2 Things You Should Never Do as a New Plant Parent if You Want Healthy Houseplants
Whatever you do, do not become a helicopter plant parent. You’ve probably heard of the term “helicopter parent,” which refers to a child-rearing style where parents pay extremely close attention to their child and their child’s experiences, often getting overly involved.
Of course, we’re not talking about human children here. We’re talking about your plant babies — but the idea is the same. Whether you’ve opened your home to tropical plants, desert plants, or temperate plants, the worst thing you can do for your new plant is to constantly mess with it. Obviously you want to try to recreate the plant’s natural habitat in your home to allow the plant to thrive, but avoid these two easy-to-make mistakes and you’re more likely to set your plant up for success.
Obsessively Water Every Day
It’s easy to fall into the “what if it needs a drink??” trap. But here’s the thing: Most common houseplants won’t need a drink until the top of the soil begins to dry out; if you’re dealing with arid plants, they won’t need a drink until the soil totally dries out. That’s at least three days after the initial watering, and likely more.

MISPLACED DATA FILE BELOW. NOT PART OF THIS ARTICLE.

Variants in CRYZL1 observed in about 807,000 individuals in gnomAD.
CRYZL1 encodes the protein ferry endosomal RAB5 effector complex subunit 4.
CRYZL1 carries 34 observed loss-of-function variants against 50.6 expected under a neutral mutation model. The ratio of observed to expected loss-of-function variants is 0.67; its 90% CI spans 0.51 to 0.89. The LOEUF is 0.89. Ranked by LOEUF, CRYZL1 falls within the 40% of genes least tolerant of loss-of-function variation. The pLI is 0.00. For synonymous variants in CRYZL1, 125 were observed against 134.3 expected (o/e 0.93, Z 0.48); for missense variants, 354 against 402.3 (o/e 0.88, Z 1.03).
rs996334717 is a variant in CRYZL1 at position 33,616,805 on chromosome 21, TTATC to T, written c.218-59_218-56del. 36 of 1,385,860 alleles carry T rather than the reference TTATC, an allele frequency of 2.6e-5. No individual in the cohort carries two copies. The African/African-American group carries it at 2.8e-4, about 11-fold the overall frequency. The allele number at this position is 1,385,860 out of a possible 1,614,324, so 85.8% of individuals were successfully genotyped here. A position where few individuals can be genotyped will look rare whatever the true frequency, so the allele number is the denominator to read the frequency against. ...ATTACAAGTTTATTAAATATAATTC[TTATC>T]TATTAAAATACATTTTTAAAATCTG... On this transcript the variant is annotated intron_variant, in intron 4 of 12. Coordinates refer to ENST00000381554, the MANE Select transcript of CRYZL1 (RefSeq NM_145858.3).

Obsessively watering your plants will lead to root rot, which in turn leads to plants that are actually less able to pull in water and nutrients — and more likely to die. Relax, take a breath, and appreciate your plant from across the room, without a watering can in your hand. Generally speaking, your plant will tell you when it’s thirsty. Do your research and you’ll be just fine.
Cutting off Every Leaf That Looks Less Than Perfect
Surprise! The plant you’ve brought into your home is a living thing. It grows and changes over time, just like a human does. Sometimes leaves get crispy on the edges. Sometimes leaves turn yellow and fall off.
Most of the time, if you’re caring for your plant correctly, these events correspond to a normal plant life cycle. If you start cutting off every leaf that looks different than when you bought your plant, you’re going to run into a big problem. Healthy plants can only handle one third of their living growth being cut off at a time. Remove any more than that, and you’ll end up with a stressed houseplant that’s trying to replace all that’s been cut away.
Leave the pruning shears alone for now so you can try to understand the natural being that is your new plant baby. Instead, break them out only to prune off obviously dead leaves, or to snip a piece or two for propagating your plant. After all, once you have one healthy and successful plant, it’ll be hard to resist adding more.